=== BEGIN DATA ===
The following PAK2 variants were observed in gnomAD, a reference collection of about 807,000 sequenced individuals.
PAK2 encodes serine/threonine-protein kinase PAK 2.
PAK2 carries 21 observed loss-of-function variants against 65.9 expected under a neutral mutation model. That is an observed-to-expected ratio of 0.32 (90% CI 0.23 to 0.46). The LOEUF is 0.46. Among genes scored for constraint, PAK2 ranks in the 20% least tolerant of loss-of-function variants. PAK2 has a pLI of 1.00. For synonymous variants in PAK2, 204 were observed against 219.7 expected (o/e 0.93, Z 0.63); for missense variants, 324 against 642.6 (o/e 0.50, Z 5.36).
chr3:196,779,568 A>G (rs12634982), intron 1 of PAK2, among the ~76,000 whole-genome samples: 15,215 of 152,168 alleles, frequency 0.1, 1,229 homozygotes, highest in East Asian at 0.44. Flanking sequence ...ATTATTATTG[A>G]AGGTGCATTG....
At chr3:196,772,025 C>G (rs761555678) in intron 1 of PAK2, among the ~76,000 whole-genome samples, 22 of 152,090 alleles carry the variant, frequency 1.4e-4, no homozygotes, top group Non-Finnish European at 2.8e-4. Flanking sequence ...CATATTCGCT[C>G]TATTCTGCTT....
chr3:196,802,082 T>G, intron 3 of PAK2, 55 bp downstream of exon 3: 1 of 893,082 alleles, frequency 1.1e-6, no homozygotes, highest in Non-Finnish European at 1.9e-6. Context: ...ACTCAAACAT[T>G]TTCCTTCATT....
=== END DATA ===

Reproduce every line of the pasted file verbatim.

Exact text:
The following PAK2 variants were observed in gnomAD, a reference collection of about 807,000 sequenced individuals.
PAK2 encodes serine/threonine-protein kinase PAK 2.
PAK2 carries 21 observed loss-of-function variants against 65.9 expected under a neutral mutation model. That is an observed-to-expected ratio of 0.32 (90% CI 0.23 to 0.46). The LOEUF is 0.46. Among genes scored for constraint, PAK2 ranks in the 20% least tolerant of loss-of-function variants. PAK2 has a pLI of 1.00. For synonymous variants in PAK2, 204 were observed against 219.7 expected (o/e 0.93, Z 0.63); for missense variants, 324 against 642.6 (o/e 0.50, Z 5.36).
chr3:196,779,568 A>G (rs12634982), intron 1 of PAK2, among the ~76,000 whole-genome samples: 15,215 of 152,168 alleles, frequency 0.1, 1,229 homozygotes, highest in East Asian at 0.44. Flanking sequence ...ATTATTATTG[A>G]AGGTGCATTG....
At chr3:196,772,025 C>G (rs761555678) in intron 1 of PAK2, among the ~76,000 whole-genome samples, 22 of 152,090 alleles carry the variant, frequency 1.4e-4, no homozygotes, top group Non-Finnish European at 2.8e-4. Flanking sequence ...CATATTCGCT[C>G]TATTCTGCTT....
chr3:196,802,082 T>G, intron 3 of PAK2, 55 bp downstream of exon 3: 1 of 893,082 alleles, frequency 1.1e-6, no homozygotes, highest in Non-Finnish European at 1.9e-6. Context: ...ACTCAAACAT[T>G]TTCCTTCATT....